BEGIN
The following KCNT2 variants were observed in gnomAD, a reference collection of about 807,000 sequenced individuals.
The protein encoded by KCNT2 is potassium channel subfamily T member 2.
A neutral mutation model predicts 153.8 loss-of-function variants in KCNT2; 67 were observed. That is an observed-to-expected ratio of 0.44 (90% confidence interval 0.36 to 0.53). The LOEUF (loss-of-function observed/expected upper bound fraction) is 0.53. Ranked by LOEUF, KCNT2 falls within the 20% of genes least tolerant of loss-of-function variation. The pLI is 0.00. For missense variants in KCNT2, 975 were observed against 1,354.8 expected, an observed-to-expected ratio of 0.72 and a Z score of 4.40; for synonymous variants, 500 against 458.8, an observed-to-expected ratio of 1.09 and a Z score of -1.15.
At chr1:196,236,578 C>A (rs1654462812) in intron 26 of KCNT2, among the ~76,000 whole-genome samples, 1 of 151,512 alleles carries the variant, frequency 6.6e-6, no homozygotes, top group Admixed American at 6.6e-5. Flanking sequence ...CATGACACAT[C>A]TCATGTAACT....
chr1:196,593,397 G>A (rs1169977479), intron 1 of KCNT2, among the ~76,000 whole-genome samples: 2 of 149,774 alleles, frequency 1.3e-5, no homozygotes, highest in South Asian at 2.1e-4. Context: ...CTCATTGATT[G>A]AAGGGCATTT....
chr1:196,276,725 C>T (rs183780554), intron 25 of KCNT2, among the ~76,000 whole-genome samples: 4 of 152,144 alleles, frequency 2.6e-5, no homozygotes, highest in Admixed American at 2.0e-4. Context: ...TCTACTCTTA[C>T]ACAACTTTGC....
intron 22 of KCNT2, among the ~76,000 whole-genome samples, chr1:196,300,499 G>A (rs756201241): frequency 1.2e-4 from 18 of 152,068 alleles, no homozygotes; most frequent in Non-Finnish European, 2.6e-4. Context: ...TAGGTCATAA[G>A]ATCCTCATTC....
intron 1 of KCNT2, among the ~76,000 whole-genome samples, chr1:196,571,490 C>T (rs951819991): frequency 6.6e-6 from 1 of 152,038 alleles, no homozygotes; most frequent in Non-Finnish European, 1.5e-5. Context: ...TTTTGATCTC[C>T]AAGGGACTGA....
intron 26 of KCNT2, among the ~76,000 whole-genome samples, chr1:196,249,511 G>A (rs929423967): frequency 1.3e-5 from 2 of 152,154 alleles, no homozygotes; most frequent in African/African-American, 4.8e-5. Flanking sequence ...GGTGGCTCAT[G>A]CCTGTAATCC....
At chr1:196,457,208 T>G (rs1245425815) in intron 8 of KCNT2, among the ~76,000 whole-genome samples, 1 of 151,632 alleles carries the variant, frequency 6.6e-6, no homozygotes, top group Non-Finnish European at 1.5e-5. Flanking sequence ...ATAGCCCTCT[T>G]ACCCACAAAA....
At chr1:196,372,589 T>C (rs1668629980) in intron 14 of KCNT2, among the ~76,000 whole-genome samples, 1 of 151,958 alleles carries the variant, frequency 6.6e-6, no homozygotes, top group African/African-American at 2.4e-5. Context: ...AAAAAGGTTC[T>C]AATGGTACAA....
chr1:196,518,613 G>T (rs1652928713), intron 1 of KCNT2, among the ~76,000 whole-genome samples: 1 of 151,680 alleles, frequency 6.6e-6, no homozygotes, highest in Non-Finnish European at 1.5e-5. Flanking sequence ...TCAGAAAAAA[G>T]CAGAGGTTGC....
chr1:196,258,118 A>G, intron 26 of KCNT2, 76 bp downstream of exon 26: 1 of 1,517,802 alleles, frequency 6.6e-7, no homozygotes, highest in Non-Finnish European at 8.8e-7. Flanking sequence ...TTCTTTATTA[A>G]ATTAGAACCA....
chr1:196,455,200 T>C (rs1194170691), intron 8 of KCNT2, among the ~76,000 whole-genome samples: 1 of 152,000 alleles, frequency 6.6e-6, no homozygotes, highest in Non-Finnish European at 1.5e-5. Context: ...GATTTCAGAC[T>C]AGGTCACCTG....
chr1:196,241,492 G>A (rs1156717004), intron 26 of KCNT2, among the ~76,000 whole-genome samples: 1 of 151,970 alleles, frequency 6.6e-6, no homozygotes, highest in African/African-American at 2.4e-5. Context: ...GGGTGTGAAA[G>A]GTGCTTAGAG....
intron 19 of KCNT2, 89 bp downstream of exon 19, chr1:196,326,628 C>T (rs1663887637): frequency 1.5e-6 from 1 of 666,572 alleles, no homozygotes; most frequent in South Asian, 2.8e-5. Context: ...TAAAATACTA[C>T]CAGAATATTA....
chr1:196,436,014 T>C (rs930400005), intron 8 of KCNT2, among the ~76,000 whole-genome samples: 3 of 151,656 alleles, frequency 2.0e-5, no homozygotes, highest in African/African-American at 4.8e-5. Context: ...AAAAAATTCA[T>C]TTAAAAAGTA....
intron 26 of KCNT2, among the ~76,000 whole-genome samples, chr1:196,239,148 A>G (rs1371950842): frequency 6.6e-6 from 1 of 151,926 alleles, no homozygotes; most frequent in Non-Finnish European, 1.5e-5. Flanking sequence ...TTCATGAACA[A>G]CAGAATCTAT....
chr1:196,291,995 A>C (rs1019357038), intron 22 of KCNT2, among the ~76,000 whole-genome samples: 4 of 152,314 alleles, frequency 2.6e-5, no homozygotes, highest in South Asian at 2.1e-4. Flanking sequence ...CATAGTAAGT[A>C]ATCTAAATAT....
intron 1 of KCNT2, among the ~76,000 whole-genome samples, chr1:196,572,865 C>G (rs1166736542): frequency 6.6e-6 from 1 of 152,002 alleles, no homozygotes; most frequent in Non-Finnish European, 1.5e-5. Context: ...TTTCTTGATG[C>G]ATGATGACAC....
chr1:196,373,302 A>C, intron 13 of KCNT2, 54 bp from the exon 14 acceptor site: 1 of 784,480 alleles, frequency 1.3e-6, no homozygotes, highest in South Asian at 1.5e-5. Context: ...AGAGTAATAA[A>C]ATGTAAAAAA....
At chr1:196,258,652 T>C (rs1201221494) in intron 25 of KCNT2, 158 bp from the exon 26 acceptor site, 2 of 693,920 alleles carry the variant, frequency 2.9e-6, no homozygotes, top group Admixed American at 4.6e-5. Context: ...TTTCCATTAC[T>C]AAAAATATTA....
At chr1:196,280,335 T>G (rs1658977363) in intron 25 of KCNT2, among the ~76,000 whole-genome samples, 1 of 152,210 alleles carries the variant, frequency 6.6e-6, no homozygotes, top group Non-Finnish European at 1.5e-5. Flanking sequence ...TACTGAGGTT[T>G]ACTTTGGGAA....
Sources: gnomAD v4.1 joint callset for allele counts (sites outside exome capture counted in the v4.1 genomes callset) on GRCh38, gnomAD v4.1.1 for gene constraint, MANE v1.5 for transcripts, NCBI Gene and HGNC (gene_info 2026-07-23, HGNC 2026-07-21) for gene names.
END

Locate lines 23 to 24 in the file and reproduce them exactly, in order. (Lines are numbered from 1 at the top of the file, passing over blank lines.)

At chr1:196,280,335 T>G (rs1658977363) in intron 25 of KCNT2, among the ~76,000 whole-genome samples, 1 of 152,210 alleles carries the variant, frequency 6.6e-6, no homozygotes, top group Non-Finnish European at 1.5e-5. Flanking sequence ...TACTGAGGTT[T>G]ACTTTGGGAA....
Sources: gnomAD v4.1 joint callset for allele counts (sites outside exome capture counted in the v4.1 genomes callset) on GRCh38, gnomAD v4.1.1 for gene constraint, MANE v1.5 for transcripts, NCBI Gene and HGNC (gene_info 2026-07-23, HGNC 2026-07-21) for gene names.